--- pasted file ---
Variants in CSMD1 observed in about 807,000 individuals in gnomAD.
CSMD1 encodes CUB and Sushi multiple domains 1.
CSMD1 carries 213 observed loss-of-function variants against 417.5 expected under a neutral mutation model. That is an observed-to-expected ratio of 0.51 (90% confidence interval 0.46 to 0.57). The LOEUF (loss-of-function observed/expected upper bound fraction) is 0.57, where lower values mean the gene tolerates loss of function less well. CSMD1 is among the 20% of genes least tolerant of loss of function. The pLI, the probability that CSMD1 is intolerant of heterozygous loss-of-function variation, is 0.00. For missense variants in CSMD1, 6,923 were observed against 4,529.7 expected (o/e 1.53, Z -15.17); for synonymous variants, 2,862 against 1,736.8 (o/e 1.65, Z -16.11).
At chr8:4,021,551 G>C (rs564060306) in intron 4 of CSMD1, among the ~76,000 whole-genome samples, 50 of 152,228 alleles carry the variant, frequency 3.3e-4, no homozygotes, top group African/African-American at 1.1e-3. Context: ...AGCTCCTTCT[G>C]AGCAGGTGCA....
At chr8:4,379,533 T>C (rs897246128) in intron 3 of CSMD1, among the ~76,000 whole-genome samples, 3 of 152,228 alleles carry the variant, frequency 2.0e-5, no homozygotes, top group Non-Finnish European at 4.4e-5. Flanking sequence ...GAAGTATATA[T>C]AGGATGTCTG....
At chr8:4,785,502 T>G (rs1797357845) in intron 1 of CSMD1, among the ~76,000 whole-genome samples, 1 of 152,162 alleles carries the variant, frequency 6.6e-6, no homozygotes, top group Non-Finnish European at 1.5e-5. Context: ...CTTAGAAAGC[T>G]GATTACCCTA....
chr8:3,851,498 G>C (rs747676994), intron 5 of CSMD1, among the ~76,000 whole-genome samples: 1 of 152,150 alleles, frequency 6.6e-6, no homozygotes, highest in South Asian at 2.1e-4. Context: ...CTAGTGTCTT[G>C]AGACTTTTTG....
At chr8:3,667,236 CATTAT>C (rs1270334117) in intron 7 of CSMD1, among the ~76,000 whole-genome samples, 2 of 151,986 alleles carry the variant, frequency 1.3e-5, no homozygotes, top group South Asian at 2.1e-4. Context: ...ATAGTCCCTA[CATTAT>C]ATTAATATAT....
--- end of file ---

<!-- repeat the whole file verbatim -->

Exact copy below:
Variants in CSMD1 observed in about 807,000 individuals in gnomAD.
CSMD1 encodes CUB and Sushi multiple domains 1.
CSMD1 carries 213 observed loss-of-function variants against 417.5 expected under a neutral mutation model. That is an observed-to-expected ratio of 0.51 (90% confidence interval 0.46 to 0.57). The LOEUF (loss-of-function observed/expected upper bound fraction) is 0.57, where lower values mean the gene tolerates loss of function less well. CSMD1 is among the 20% of genes least tolerant of loss of function. The pLI, the probability that CSMD1 is intolerant of heterozygous loss-of-function variation, is 0.00. For missense variants in CSMD1, 6,923 were observed against 4,529.7 expected (o/e 1.53, Z -15.17); for synonymous variants, 2,862 against 1,736.8 (o/e 1.65, Z -16.11).
At chr8:4,021,551 G>C (rs564060306) in intron 4 of CSMD1, among the ~76,000 whole-genome samples, 50 of 152,228 alleles carry the variant, frequency 3.3e-4, no homozygotes, top group African/African-American at 1.1e-3. Context: ...AGCTCCTTCT[G>C]AGCAGGTGCA....
At chr8:4,379,533 T>C (rs897246128) in intron 3 of CSMD1, among the ~76,000 whole-genome samples, 3 of 152,228 alleles carry the variant, frequency 2.0e-5, no homozygotes, top group Non-Finnish European at 4.4e-5. Flanking sequence ...GAAGTATATA[T>C]AGGATGTCTG....
At chr8:4,785,502 T>G (rs1797357845) in intron 1 of CSMD1, among the ~76,000 whole-genome samples, 1 of 152,162 alleles carries the variant, frequency 6.6e-6, no homozygotes, top group Non-Finnish European at 1.5e-5. Context: ...CTTAGAAAGC[T>G]GATTACCCTA....
chr8:3,851,498 G>C (rs747676994), intron 5 of CSMD1, among the ~76,000 whole-genome samples: 1 of 152,150 alleles, frequency 6.6e-6, no homozygotes, highest in South Asian at 2.1e-4. Context: ...CTAGTGTCTT[G>C]AGACTTTTTG....
At chr8:3,667,236 CATTAT>C (rs1270334117) in intron 7 of CSMD1, among the ~76,000 whole-genome samples, 2 of 151,986 alleles carry the variant, frequency 1.3e-5, no homozygotes, top group South Asian at 2.1e-4. Context: ...ATAGTCCCTA[CATTAT>C]ATTAATATAT....